Tibetan Supreme Justice Commission

The Tibetan Supreme Justice Commission is the highest judicial organ and one of the three most important pillars of the Tibetan democratic administration in exile or the Central Tibetan Administration. It formally came into existence as per the provision of the Charter of Tibetans in Exile on 11th March 1992 (the seventh day of the first month of the Tibetan Water-Monkey year, 2119) in Gangchen Kyishong, the headquarters of the Central Tibetan Administration (CTA) in Dharamsala in the northern Indian state of Himachal Pradesh.

Tibetan Supreme Justice Commission is composed of the Chief Justice Commissioner and two other Justice Commissioners.  They are appointed by the Tibetan Parliament in exile through election out of nominated candidates submitted by the Selection Committee, which is constituted by a Committee of Chief Justice Commissioner, Chairman and Deputy Chairman of Tibetan Parliament in exile and Kalon Tripa (Chief of the Kashag/Cabinet).

In the past, the Chief Justice Commissioner and two other Justice Commissioners took the oath of office from His Holiness the Dalai Lama. However, since His Holiness’ devolution of all his political and administrative powers on 29th May 2011, the Chief Justice Commissioner is to take the oath of office from the out-going Chief Justice Commissioner or the officiating Chief Justice Commissioner. The two other Justice Commissioners are required to take the oath of office from the Chief Justice Commissioner.

About
Introduction

TIBETAN JUDICIARY

His Holiness the XIVth Dalai Lama, the spiritual and temporal leader of the Tibetan people, has graciously provided the modern democratic system of governance to the Tibetans in exile for their immediate and long-term welfare. With the evolution of the Tibetan democratic system of governance in exile, the 11th Tibetan parliament in exile passed the Charter of Tibetans in Exile in 1991. The Central Tibetan Administration in exile also consists of the three democratic pillars, namely the executive, legislature and judiciary. Whenever an issue of contention arises in the course of the Tibetan executive’s implementation of any rules and regulations, besides public and individual civil disputes among the Tibetan community in exile, the Tibetan judiciary (Tibetan Supreme Justice Commission and its subordinate Justice Commission) interprets or makes decisions thereof; thus protecting the rule of law by guaranteeing justice to all and making the institution of Tibetan democracy vibrant and meaningful.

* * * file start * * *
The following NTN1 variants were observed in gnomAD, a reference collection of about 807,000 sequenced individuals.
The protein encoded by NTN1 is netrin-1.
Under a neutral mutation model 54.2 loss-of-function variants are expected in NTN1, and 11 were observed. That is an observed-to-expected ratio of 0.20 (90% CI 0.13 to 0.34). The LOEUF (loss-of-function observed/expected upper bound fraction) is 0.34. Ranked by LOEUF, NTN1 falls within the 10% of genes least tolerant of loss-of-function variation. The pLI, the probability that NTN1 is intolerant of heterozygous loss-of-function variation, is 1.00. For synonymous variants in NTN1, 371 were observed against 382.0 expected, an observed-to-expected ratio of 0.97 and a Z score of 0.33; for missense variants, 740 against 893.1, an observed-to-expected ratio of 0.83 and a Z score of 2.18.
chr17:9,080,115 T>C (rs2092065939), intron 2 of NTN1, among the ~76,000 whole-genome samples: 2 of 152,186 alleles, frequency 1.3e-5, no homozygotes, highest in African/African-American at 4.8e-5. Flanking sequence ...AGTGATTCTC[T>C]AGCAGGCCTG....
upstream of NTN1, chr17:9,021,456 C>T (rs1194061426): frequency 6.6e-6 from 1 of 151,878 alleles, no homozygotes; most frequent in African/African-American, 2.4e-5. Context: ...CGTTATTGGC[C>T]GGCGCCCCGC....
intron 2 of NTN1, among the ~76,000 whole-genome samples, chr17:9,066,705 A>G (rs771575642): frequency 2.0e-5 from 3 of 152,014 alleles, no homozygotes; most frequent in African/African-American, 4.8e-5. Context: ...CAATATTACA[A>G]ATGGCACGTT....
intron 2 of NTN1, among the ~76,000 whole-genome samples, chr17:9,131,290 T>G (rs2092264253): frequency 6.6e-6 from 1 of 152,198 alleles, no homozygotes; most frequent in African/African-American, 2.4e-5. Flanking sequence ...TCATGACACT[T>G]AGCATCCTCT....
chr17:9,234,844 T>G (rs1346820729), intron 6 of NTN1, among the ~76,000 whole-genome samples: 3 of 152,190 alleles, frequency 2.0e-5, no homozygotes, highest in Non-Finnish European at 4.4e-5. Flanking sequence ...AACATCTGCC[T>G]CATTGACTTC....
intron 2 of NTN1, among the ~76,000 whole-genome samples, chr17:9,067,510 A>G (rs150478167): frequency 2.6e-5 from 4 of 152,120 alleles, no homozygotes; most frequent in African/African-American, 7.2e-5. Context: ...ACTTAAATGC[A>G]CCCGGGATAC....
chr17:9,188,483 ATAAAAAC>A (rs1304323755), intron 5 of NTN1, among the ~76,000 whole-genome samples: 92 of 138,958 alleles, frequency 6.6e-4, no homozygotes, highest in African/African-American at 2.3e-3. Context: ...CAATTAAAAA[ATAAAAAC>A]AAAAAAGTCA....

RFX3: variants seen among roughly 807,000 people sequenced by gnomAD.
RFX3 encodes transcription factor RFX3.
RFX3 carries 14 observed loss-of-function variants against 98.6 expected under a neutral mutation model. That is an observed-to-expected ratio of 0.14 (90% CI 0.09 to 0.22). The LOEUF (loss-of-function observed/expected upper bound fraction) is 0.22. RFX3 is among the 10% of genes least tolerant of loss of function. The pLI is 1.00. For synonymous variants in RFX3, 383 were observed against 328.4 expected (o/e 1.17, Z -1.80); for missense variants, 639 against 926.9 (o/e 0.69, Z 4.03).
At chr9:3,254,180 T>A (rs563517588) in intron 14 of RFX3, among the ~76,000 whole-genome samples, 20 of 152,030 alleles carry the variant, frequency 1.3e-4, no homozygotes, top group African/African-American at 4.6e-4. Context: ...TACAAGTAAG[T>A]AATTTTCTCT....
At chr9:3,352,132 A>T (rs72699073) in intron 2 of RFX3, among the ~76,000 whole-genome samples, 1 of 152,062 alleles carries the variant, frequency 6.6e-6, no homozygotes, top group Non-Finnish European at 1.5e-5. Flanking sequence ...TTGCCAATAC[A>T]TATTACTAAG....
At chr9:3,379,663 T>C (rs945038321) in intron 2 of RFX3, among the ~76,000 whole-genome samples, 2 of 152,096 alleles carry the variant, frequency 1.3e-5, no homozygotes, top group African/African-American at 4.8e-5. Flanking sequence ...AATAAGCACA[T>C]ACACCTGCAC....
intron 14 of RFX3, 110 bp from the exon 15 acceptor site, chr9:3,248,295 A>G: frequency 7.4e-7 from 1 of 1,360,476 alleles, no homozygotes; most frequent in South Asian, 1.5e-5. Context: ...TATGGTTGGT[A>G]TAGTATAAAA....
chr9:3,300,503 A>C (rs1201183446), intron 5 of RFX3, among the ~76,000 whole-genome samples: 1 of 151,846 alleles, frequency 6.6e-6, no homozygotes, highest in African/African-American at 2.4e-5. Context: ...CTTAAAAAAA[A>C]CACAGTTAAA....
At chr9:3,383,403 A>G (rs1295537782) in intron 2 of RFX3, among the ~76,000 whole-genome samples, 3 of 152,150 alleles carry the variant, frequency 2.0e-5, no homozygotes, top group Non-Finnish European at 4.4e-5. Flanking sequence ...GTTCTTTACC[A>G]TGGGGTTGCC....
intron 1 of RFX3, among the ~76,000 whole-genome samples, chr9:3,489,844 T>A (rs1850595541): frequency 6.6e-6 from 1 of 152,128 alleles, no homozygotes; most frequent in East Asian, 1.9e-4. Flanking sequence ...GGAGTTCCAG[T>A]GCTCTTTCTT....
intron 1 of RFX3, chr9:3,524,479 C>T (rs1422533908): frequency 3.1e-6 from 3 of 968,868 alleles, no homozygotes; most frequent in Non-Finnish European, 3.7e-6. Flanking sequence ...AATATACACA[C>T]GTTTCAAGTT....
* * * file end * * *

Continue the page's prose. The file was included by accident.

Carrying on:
The hierarchies of Tibetan Justice Commissions are as follows:

  1. Tibetan Supreme Justice Commission
  2. Tibetan Circuit Justice Commission
  3. Tibetan Local Justice Commission

Tibetan Supreme Justice Commission

The Tibetan Supreme Justice Commission is the highest judicial organ and one of the three most important pillars of the Tibetan democratic administration in exile or the Central Tibetan Administration. It formally came into existence as per the provision of the Charter of Tibetans in Exile on 11th March 1992 (the seventh day of the first month of the Tibetan Water-Monkey year, 2119) in Gangchen Kyishong, the headquarters of the Central Tibetan Administration (CTA) in Dharamsala in the northern Indian state of Himachal Pradesh.

Tibetan Supreme Justice Commission is composed of the Chief Justice Commissioner and two other Justice Commissioners.  They are appointed by the Tibetan Parliament in exile through election out of nominated candidates submitted by the Selection Committee, which is constituted by a Committee of Chief Justice Commissioner, Chairman and Deputy Chairman of Tibetan Parliament in exile and Kalon Tripa (Chief of the Kashag/Cabinet).  In the past, the Chief Justice Commissioner and two other Justice Commissioners took the oath of office from His Holiness the Dalai Lama. However, since His Holiness’ devolution of all his political and administrative powers on 29th May 2011, the Chief Justice Commissioner is to take the oath of office from the out-going Chief Justice Commissioner or the officiating Chief Justice Commissioner. The two other Justice Commissioners are required to take the oath of office from the Chief Justice Commissioner.

Responsibility, Power and Jurisdiction of Tibetan Supreme Justice Commission